Speaking of customization, this new Forza Motorsport’s shop and customization largely mimics what’s seen in previous installments. Every single car can be obtained via in-game credits, with no real money involved, with this time the most expensive vehicles seemingly peaking at a lower price as well. Duplicates can be bought if players desire to customize or upgrade them differently, with the possibility of even selling these personalized vehicles to the community at large. Just like in previous games, cars can be painted, with all kinds of official or user/community-made designs appliable to just about any surface, allowing players to create completely unique visuals for each vehicle. One interesting addition to the car collectathon aspect of the game is that you can build brand fidelity by owning and leveling up cars of the same brand, which in turn makes future buys of said marque significantly cheaper via cool discounts. Not quite a decisive reason to collect cars, but a nice little bonus for those who would like to do so.
With the (frankly misplaced) controversy of Forza Motorsport 7’s lootbox system and the recent trend of many AAAs featuring battle passes, premium currencies and all kinds of grinds, there was a legitimate concern that the new Forza Motorsport would fall pray to these design choices. For better or worse, depending on your views of these systems, the game’s paid aspects remain virtually the same as the ones in Forza Motorsport 7 back in 2017. The VIP membership to gain more credits, the car pass to obtain all future paid vehicles and so on stay, with them included in the game’s Ultimate Edition as well which, among other things, allows players to play the game 5 days early: on October 5th 2023, as opposed to the proper launch on October 10th, which is also the day in which the game will be available to all Game Pass, Game Pass PC and Game Pass Ultimate subscribers. As per usual for most games in the service, Game Pass owners receive the Standard edition, no DLCs included, though there’s a cheaper upgrade path for those who already “own” the game via Microsoft’s subscription service and just want to buy the extra content, without having to shell out for the whole package. Given the support for the game should easily last a couple years at least, it’s an upgrade I usually go for when it comes to Forza games, as the amount of content released in the months and years tends to more than justify the price. What we currently know of this new Forza’s future is that new tracks should be free for everyone, with only the new cars costing money. We’ll see how things evolve with time of course.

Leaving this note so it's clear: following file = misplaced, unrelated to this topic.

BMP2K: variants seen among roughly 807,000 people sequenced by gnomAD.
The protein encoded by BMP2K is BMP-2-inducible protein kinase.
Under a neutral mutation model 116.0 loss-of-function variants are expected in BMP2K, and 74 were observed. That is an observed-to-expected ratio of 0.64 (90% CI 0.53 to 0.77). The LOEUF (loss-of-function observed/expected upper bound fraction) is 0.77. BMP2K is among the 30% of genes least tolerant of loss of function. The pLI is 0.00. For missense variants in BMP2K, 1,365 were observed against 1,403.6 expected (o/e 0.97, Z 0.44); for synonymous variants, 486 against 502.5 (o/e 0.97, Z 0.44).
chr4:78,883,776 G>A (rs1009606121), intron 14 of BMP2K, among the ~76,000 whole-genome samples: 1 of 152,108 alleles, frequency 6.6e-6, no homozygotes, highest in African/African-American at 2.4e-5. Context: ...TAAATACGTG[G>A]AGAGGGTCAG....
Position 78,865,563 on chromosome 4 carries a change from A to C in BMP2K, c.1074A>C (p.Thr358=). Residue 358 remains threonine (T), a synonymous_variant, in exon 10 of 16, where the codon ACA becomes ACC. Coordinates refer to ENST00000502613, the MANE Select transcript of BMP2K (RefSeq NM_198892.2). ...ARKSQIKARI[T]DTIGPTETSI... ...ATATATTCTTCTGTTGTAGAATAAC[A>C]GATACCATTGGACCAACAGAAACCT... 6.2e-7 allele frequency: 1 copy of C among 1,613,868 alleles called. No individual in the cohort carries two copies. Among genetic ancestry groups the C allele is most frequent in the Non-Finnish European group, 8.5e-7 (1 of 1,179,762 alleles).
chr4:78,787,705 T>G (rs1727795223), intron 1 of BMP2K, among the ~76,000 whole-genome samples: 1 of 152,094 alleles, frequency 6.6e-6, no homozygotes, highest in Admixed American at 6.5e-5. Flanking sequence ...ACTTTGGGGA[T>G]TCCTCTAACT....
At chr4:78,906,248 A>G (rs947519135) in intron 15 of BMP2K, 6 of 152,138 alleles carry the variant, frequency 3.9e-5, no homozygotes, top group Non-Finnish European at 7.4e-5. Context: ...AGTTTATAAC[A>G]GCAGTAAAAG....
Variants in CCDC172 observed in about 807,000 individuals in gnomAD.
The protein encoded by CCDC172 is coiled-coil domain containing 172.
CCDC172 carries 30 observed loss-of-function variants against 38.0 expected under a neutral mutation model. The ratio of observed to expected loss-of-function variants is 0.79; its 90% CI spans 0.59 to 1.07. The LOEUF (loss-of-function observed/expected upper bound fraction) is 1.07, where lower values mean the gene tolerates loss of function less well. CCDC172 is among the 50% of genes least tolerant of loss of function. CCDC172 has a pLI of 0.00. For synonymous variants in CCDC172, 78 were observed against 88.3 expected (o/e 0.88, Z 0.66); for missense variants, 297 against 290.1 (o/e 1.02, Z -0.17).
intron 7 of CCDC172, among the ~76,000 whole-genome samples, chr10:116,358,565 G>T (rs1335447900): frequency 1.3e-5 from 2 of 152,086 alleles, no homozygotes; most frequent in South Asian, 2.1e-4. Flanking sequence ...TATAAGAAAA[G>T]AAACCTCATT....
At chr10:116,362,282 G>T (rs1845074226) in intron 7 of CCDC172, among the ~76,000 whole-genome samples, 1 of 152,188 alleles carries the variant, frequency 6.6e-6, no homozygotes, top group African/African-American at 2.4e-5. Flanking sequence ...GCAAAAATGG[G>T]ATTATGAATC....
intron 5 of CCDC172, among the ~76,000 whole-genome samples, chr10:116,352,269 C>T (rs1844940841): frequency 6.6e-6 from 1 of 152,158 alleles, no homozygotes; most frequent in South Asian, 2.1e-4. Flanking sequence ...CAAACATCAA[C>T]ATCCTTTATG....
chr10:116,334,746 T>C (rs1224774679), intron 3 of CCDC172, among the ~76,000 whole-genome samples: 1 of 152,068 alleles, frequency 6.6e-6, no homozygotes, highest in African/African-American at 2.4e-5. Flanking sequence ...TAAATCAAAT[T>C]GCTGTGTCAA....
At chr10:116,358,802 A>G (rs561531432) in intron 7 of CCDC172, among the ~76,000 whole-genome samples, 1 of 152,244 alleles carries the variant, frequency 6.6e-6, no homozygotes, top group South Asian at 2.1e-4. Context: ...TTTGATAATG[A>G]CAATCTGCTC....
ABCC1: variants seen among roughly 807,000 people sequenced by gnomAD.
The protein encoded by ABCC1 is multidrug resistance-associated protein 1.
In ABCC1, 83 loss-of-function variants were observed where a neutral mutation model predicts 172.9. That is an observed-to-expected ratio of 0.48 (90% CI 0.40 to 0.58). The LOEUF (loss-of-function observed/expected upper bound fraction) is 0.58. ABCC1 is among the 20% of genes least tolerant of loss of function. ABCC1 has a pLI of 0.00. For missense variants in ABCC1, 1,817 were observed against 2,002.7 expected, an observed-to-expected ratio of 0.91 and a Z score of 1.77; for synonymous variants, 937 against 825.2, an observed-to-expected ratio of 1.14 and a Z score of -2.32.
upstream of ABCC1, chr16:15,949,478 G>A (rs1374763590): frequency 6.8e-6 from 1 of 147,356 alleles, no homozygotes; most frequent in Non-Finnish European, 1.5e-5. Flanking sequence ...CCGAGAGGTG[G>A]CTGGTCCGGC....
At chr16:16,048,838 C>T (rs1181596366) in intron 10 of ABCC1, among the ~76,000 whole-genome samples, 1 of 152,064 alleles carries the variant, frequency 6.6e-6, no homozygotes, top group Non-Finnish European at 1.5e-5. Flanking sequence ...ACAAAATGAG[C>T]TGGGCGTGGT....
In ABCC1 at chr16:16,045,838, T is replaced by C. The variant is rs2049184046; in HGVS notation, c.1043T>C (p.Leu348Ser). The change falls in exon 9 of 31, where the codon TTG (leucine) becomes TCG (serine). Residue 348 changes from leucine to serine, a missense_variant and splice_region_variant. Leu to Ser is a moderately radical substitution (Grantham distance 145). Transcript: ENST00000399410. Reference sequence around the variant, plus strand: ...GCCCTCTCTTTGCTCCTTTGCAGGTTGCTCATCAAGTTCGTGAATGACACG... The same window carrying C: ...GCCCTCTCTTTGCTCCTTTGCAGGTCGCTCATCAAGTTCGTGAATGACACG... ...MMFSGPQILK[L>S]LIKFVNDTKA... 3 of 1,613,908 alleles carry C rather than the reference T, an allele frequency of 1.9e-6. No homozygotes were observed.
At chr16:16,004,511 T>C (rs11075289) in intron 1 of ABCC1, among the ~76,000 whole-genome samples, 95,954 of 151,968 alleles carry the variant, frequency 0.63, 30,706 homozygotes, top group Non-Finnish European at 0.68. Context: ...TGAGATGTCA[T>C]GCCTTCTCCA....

Ultimately, it all boils down to Forza Motorsport being an exhilarating simcade racer, in many ways not only the best title in the franchise but surpassing other similar titles. The on-track experience has never been this good, with improved AI when playing solo, tons of tweaks to the physics, great tyre and fuel management, dramatic dynamic weather and much more, redefining once again what it means to simulate the ins and outs of a race weekend, from the practice all the way to the chequered flag. It also happens to be one of the best looking games on any console right now, an all-round technical showcase, though a handful of glitches and crashes did impact my experience a bit. A handful of doubts remain over the new car upgrade system, plus the career mode and multiplayer not evolving as much as the rest of the package. But all in all, Forza Motorsport is a fantastic racer, offering its most comprehensive, realistic and spectacular racing experience ever. It was a long wait, but it was absolutely worth it.